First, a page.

So, what does all of this mean for brands?
How Brands Can Keep Up
Many brands use social media to build community, boost conversions, and spread awareness of their products and services. When significant changes happen on the platforms they use, many often go into panic mode. After all, change can be anxiety-inducing.
However, on the opposite side of things, algorithm and platform shifts can provide brands with new opportunities to connect with their target audience. It all comes down to knowing how to leverage them.
Keep Sprout Social‘s SMART framework in mind when you set your goals for using Facebook groups.
- Specific: Make sure there are numbers attached to your goals. Increasing engagement is vague. However, increasing engagement by 5% is specific.
- Measurable: Have a measurement system in place to track your progress.
- Attainable: Of course you want to aim high, but not so high that it is impossible. Take stock of your resources first and work from there.
- Relevant: Your goals need to make sense for your business.
- Timely: Put time limits on certain achievements. Do you want more engagement whenever, or within the next 6 months? Or by the end of the quarter? Know the answer.
Here are some things brands can do to roll with the punches and get the most out of this shift to emphasizing Facebook groups.
Start Your Own Facebook Group
Obviously, if Facebook is moving in this manner, and other social platforms may shift to emphasize community-building, you don’t want to be left behind. This is an exciting opportunity for you to create and facilitate a group all of your own. If it makes sense for your brand and business, this can be a powerful move.
However, creating a group might not make sense for every business or digital brand. If you feel that you fall into this category, do not worry. Starting and running your own group is not the only option you have. There are other ways you can take advantage of this Facebook shift.
Participate In Key Facebook Groups
Likely, many other businesses in your niche will be starting Facebook groups for the exact same reasons you have probably considered it. Eventually, businesses and others may even create groups based around certain topics or events relevant to your industry.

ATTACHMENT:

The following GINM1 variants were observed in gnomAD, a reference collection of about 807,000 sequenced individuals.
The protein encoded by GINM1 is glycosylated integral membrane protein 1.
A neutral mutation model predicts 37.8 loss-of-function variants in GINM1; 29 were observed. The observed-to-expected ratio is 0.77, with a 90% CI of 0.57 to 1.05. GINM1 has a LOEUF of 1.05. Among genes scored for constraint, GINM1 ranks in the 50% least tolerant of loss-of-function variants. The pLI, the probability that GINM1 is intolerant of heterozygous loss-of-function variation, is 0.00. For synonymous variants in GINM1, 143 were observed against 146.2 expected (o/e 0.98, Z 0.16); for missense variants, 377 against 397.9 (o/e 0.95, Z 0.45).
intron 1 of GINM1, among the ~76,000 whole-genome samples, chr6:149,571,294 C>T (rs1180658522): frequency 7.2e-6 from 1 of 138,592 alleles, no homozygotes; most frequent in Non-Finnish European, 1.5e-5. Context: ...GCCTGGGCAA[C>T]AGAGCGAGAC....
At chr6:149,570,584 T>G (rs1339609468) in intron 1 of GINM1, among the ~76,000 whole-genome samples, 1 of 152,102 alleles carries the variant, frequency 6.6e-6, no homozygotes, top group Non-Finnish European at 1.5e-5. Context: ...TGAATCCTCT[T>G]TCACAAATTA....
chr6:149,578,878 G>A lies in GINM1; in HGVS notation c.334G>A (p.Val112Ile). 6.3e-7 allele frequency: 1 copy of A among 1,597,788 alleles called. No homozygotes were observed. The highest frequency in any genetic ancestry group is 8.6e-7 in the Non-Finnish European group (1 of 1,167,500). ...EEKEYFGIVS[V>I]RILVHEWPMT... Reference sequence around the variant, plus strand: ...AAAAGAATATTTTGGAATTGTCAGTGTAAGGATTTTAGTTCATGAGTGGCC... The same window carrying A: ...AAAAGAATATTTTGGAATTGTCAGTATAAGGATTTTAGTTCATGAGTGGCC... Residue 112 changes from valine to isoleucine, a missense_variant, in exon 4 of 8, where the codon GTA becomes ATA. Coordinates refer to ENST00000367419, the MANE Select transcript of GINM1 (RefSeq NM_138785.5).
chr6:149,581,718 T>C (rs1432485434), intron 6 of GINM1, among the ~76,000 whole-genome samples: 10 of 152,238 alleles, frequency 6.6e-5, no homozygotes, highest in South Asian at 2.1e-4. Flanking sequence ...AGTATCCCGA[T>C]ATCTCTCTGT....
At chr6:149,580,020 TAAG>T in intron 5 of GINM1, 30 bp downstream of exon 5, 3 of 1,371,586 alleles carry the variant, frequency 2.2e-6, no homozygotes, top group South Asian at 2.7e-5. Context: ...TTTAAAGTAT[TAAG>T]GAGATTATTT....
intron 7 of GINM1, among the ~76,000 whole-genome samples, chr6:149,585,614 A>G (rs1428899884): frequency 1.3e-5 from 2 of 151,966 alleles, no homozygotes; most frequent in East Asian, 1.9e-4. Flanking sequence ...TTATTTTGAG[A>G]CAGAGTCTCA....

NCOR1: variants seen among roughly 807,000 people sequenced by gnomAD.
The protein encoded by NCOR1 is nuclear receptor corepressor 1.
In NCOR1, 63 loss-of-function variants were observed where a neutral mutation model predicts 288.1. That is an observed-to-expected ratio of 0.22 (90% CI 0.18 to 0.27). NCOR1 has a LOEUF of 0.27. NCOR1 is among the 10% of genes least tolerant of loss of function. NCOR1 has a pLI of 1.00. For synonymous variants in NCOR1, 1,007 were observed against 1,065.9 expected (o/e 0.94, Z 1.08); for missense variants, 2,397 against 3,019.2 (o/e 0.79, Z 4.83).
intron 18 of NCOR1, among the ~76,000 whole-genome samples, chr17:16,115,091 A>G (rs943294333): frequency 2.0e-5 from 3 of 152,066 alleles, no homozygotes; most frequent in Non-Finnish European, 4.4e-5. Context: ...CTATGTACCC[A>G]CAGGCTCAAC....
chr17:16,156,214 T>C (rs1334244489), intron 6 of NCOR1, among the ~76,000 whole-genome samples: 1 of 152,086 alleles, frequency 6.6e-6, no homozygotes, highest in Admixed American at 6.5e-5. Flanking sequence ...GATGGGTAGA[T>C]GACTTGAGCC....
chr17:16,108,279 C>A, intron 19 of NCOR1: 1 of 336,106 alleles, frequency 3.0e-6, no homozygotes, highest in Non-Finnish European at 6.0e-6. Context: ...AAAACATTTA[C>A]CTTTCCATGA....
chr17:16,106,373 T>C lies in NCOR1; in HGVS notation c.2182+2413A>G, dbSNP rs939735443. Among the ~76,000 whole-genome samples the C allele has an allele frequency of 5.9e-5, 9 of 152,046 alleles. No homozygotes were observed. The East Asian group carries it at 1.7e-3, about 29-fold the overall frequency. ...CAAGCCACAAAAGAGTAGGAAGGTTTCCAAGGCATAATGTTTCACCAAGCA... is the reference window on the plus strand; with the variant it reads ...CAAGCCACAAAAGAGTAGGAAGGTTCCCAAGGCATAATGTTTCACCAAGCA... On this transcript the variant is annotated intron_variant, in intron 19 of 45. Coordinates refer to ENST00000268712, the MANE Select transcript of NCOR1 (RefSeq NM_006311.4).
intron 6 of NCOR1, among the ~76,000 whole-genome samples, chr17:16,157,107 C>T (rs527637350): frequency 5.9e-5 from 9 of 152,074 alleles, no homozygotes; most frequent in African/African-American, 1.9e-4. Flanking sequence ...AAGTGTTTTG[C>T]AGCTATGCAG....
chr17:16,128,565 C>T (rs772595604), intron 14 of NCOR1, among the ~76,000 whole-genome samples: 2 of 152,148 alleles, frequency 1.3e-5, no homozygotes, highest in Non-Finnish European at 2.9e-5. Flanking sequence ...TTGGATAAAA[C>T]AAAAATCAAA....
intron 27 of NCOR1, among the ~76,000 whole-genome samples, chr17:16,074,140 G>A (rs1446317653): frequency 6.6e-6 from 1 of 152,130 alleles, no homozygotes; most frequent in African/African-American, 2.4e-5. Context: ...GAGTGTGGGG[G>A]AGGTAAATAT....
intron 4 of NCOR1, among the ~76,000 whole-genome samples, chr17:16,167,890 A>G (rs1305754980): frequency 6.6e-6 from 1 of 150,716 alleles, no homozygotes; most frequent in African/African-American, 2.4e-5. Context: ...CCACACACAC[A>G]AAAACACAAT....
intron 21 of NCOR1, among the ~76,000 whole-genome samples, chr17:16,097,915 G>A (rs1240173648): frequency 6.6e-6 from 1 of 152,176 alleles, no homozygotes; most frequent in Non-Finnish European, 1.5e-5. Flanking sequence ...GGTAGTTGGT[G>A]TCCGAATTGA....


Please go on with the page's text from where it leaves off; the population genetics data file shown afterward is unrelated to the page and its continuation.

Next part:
Even if you are not ready to start a group of your own, or do not think it is the best course of action for your brand, you still want to join the fray by participating in other key groups.
Remember, being social is the key to social media. If you post all the time but no one responds, and you never get involved in actual conversations, you are essentially talking to yourself. This will not help your business grow.
You can enable a few employees or even influencers to engage in relevant groups on behalf of your brand. Look for the groups in your niche with the largest communities and most engagement. Engage in conversation on them.
Also, have an employee check in regularly to see what people in the groups are talking about. This can be a great way to keep up with buzz. It can be a part of your overall social listening strategy.
If you have a representative already engaged in the group, they can organically build your brand’s credibility. When they see a question asked in the group that is relevant to your company, they can jump in and answer. If they provide relevant and useful info without being pushy or “salesy,” this will look great for your brand.
Facebook is making big changes and while many marketers might be nervous, they actually might benefit many brands. However, if you are prepared for the shift to Facebook’s emphasis on groups and know how to leverage it, you will be ready to make magic happen for your digital brand.
Do you think you will start a Facebook group for your brand? Why or why not? Let us know below…